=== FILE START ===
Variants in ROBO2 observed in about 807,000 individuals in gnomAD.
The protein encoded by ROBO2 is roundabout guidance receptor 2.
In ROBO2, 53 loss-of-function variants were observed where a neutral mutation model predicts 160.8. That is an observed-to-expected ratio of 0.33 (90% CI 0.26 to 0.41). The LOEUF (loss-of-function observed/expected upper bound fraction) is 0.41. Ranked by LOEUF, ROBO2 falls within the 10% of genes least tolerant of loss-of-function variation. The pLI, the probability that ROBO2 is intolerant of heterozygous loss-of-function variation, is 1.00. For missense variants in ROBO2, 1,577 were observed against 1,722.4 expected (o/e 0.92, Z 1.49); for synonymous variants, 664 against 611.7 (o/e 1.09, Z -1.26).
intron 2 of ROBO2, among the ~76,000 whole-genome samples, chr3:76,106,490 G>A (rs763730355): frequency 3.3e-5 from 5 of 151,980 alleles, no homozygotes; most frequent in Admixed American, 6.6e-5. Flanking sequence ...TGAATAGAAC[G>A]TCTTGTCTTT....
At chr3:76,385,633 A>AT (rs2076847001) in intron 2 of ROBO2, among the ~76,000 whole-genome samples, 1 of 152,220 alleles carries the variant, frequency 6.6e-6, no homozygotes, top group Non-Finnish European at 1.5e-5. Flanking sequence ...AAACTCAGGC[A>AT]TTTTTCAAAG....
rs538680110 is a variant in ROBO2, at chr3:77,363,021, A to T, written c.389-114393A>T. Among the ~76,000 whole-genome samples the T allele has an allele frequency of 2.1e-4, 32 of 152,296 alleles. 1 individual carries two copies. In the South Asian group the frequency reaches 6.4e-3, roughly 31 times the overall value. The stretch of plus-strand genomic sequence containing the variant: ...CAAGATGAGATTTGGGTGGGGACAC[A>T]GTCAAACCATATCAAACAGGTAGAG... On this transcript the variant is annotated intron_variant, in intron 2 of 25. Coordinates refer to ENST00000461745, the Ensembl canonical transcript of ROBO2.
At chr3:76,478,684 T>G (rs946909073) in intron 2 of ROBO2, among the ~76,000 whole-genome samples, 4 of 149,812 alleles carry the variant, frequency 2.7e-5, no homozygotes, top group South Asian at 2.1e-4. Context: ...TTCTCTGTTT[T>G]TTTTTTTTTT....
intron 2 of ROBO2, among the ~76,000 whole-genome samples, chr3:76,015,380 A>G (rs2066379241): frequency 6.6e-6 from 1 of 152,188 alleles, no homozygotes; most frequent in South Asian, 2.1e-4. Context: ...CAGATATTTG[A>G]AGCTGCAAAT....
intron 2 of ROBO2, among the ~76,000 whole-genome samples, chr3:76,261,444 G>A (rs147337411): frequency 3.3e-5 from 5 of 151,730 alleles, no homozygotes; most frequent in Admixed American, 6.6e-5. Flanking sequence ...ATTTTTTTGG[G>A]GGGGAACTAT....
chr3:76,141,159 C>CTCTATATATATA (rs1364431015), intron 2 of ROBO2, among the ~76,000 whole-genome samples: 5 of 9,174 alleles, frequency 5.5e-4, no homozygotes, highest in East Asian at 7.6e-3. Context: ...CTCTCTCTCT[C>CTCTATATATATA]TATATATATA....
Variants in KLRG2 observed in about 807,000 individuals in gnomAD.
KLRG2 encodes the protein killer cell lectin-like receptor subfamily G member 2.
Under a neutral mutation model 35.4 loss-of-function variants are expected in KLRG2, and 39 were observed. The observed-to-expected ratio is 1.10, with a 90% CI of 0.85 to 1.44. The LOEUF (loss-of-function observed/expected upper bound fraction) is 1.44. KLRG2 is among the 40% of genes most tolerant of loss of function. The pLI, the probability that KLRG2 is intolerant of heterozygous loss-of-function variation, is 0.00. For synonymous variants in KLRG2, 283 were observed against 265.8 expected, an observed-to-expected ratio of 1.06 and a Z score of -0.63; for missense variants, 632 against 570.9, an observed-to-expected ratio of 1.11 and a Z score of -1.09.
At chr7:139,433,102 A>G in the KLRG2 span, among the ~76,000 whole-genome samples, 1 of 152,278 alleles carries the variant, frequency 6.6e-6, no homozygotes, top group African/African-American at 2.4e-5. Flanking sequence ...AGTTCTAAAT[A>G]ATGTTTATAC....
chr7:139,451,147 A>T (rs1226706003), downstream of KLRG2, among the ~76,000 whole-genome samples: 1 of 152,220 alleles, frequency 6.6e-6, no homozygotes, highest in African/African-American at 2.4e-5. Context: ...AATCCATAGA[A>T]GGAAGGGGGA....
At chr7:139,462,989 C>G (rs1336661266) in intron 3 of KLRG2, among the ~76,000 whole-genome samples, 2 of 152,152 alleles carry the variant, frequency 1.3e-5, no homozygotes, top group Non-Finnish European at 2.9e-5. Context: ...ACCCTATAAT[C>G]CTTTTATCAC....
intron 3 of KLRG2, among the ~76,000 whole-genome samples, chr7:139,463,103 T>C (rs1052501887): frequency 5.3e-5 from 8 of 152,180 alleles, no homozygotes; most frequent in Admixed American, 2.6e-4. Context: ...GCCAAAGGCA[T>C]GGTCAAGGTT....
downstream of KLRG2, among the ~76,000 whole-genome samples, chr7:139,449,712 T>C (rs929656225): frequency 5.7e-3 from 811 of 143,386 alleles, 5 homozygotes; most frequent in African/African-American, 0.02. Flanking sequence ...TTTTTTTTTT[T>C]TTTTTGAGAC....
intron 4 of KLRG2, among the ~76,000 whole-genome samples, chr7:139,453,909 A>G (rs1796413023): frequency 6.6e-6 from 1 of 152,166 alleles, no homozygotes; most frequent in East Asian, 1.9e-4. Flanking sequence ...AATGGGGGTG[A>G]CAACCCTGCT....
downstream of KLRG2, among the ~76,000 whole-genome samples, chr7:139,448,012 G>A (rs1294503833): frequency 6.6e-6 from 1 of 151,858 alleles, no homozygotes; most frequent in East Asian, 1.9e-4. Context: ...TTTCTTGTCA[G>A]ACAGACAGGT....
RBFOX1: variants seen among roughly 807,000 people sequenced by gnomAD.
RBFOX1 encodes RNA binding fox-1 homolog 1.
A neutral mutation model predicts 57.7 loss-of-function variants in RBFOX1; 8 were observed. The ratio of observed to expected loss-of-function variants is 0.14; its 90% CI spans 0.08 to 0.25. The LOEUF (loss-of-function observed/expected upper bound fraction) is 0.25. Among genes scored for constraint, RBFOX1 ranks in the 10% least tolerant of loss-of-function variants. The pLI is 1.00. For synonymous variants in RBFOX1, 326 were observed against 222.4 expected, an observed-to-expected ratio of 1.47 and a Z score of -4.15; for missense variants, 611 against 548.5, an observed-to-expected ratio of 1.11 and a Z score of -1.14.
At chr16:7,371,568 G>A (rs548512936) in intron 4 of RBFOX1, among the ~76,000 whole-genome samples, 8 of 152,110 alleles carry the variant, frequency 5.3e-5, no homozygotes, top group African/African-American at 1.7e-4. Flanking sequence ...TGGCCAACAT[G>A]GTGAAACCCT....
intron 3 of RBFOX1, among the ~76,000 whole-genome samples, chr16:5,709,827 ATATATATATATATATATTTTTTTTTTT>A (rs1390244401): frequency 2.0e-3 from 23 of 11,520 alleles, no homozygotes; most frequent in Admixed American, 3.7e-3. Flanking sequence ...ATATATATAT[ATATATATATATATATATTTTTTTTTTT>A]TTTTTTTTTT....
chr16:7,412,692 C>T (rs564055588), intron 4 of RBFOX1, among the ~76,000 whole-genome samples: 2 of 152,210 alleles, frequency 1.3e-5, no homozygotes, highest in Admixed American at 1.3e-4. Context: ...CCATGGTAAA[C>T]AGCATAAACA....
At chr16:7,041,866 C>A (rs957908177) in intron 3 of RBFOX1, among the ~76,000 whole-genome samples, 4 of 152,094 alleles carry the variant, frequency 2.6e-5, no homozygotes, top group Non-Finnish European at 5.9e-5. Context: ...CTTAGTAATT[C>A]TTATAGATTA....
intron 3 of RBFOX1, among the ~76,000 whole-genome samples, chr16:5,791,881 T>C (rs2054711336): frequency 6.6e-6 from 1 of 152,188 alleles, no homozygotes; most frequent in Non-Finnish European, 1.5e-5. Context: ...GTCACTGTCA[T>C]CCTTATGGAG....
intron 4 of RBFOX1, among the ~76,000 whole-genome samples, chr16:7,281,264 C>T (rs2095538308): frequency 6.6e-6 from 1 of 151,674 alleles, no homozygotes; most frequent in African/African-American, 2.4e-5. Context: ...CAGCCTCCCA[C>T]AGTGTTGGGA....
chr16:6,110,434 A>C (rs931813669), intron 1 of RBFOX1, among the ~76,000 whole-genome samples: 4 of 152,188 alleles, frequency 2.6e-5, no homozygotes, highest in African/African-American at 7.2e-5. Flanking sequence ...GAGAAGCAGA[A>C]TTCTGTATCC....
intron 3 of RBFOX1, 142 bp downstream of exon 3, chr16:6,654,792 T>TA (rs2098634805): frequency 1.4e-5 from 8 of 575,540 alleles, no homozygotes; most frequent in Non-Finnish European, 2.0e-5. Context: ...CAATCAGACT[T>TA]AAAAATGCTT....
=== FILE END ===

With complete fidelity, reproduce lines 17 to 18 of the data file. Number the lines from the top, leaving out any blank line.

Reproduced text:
intron 3 of KLRG2, among the ~76,000 whole-genome samples, chr7:139,463,103 T>C (rs1052501887): frequency 5.3e-5 from 8 of 152,180 alleles, no homozygotes; most frequent in Admixed American, 2.6e-4. Context: ...GCCAAAGGCA[T>C]GGTCAAGGTT....
downstream of KLRG2, among the ~76,000 whole-genome samples, chr7:139,449,712 T>C (rs929656225): frequency 5.7e-3 from 811 of 143,386 alleles, 5 homozygotes; most frequent in African/African-American, 0.02. Flanking sequence ...TTTTTTTTTT[T>C]TTTTTGAGAC....